Apple remains the most expensive company on Wall Street, where it ended the formal trading session Friday with a value of $2.03 billion, based on its share price.

Rumors swirling ahead of the event include that Apple will unveil new iPhones in an array of sizes, from a small model with a 5.4-inch (13.7-centimeter) screen to one with a 6.7-inch screen, measured diagonally.


Demand issues ‘to overshadow OPEC+ supply next year’

Updated 29 October 2020

Demand issues ‘to overshadow OPEC+ supply next year’

  • Libya's rising production adding to pressure on oil markets

DUBAI: The Organization of the Petroleum Exporting Countries (OPEC) and its allies will have to contend with a “lot of demand issues” before raising supply in January 2021, given throughput cuts by oil refiners, the head of Saudi Aramco’s trading arm said.
OPEC and its allies plan to raise production by 2 million barrels per day (bpd) from January after record output cuts this year as the coronavirus pandemic hammered demand, taking overall reductions to about 5.7 million bpd. 

“We see stress in refining margins and see a lot of refineries either cutting their refining capacity to 50-60% or a lot of refineries closing,” Ibrahim Al-Buainain said an interview with Gulf Intelligence released on Wednesday.

“I don’t think the (refining) business is sustainable at these rates (refining margins).”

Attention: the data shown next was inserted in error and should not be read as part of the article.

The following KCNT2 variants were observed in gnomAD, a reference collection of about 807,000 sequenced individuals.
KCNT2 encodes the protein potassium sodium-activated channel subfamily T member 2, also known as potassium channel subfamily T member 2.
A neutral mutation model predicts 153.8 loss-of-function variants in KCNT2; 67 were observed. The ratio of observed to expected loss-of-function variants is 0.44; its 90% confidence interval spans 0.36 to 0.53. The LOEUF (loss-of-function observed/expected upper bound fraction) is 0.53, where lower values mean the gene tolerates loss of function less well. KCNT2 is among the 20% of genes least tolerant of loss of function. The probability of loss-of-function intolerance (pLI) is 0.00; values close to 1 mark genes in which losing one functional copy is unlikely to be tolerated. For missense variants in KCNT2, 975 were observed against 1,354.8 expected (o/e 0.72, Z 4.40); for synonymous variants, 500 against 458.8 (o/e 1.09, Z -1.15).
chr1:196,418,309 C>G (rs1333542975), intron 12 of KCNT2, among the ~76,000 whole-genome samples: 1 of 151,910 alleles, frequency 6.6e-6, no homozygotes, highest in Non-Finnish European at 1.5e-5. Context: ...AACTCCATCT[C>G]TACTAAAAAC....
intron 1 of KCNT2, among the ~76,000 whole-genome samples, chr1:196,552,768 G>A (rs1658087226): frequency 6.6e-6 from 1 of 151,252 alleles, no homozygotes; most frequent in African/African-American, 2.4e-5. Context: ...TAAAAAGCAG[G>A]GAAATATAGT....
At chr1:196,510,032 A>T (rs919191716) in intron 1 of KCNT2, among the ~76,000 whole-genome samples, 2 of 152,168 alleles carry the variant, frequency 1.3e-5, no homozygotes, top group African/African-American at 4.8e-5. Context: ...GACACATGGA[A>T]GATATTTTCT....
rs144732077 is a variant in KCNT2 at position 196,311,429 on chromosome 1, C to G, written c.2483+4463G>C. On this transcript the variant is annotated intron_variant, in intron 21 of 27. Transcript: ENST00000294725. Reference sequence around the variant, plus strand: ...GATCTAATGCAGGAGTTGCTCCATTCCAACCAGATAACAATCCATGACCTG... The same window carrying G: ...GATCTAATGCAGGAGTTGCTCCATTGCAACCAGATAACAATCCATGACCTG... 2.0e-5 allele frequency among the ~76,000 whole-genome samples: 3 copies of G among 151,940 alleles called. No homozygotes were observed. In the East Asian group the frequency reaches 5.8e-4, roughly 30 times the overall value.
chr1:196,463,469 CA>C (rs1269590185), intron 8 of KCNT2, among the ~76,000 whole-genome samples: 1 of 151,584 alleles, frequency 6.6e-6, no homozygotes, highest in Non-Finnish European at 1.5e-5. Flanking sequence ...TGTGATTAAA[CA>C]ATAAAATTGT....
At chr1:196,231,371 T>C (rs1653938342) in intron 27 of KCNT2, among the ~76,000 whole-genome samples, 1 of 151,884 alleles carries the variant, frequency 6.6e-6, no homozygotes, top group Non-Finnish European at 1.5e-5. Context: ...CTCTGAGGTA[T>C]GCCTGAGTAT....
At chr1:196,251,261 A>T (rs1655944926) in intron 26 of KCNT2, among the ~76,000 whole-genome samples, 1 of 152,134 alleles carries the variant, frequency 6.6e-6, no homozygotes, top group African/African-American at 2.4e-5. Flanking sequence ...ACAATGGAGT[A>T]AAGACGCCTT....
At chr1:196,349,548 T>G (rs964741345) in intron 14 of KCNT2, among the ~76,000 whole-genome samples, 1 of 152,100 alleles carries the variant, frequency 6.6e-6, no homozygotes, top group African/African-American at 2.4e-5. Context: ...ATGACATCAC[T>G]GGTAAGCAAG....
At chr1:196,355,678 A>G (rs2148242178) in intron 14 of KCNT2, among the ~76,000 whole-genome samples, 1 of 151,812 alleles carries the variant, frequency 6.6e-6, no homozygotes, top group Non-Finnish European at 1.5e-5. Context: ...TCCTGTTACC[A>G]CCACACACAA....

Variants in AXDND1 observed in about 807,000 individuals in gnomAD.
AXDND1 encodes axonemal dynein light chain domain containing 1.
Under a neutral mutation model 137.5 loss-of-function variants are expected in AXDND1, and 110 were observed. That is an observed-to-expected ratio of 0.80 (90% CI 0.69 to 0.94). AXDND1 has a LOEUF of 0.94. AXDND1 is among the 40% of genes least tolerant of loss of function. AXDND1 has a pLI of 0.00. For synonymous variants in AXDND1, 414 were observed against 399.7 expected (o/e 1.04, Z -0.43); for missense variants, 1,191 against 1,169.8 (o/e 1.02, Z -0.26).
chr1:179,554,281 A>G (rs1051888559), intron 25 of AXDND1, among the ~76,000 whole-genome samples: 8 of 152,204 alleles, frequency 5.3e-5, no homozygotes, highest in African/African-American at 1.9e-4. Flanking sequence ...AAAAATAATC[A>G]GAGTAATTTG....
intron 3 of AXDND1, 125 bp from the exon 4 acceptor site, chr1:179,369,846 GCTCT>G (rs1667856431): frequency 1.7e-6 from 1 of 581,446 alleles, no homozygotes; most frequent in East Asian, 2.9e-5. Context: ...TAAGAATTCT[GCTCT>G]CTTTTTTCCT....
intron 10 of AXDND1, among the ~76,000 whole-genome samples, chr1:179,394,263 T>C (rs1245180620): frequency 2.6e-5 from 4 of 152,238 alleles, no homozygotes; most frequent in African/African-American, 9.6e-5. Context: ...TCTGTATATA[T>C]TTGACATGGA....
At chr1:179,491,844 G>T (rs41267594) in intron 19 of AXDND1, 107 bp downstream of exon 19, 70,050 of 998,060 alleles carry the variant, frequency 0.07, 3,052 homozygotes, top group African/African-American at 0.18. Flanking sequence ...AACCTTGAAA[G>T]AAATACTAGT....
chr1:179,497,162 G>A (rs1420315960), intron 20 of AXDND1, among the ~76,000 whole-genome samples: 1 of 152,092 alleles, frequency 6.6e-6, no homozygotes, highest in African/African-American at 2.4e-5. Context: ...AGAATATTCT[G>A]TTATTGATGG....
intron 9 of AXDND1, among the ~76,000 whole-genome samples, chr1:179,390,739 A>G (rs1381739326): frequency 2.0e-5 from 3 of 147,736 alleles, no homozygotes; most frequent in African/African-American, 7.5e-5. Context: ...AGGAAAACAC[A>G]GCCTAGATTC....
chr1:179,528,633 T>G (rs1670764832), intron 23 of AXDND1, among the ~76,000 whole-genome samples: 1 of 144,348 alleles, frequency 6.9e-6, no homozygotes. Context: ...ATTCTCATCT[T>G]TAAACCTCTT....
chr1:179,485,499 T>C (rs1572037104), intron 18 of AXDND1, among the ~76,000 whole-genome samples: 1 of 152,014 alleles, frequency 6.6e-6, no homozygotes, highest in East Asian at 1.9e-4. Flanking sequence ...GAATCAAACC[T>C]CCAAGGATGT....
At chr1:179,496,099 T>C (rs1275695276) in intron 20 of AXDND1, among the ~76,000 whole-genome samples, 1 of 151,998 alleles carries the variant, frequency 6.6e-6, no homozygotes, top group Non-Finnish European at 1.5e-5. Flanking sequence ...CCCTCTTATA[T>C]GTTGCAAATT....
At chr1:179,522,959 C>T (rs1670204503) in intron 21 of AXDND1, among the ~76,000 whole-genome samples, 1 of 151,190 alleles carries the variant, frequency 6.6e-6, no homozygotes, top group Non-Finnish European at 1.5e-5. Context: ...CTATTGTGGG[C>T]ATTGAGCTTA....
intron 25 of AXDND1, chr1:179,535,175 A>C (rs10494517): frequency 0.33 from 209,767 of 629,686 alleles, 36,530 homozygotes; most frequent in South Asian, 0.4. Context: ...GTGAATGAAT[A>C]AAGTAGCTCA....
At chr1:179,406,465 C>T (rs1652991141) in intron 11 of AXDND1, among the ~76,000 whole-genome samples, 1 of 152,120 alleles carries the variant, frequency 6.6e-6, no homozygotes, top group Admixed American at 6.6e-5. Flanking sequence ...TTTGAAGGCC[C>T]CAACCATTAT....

However, Chinese oil demand is likely to remain solid through the fourth quarter and into 2021 as its economy grows while the rest of the world is in negative territory, he added.

Among the uncertainties facing the oil market are rising Libyan output on the supply side and a second wave of global COVID-19 infections, especially in Europe, on the demand side, Al-Buainain said.

Complicating efforts by other OPEC members and allies to curb output, Libyan production is expected to rebound to 1 million bpd in the coming weeks.

Oil prices, meanwhile, fell over 4 percent on Wednesday as surging coronavirus infections in the US and Europe are leading to renewed lockdowns, fanning fears that the unsteady economic recovery will deteriorate.

“Crude oil is under pressure from the increase in COVID-19 cases, especially in Europe,” said Robert Yawger, director of energy futures at Mizuho in New York.

Brent futures fell $1.91, or 4.6 percent, to $39.29 a barrel, while US West Texas Intermediate crude fell $2.05, or 5.2 percent, to $37.52.

Earlier in the day Brent traded to its lowest since Oct. 2 and WTI its lowest since Oct. 5.

Futures pared losses somewhat after the US Energy Information Administration (EIA) said a bigger-than-expected 4.3 million barrels of crude oil was put into storage last week, but slightly less than industry data late Tuesday which showed a 4.6 million-barrel build.

However, crude production surged to its highest since July at 11.1 million barrels per day in a record weekly build of 1.2 million bpd, the data showed.

Gasoline demand has also been weak overall, down 10 percent from the four-week average a year ago. US consumption is recovering slowly, especially as millions of people restrict leisure travel with cases surging nationwide.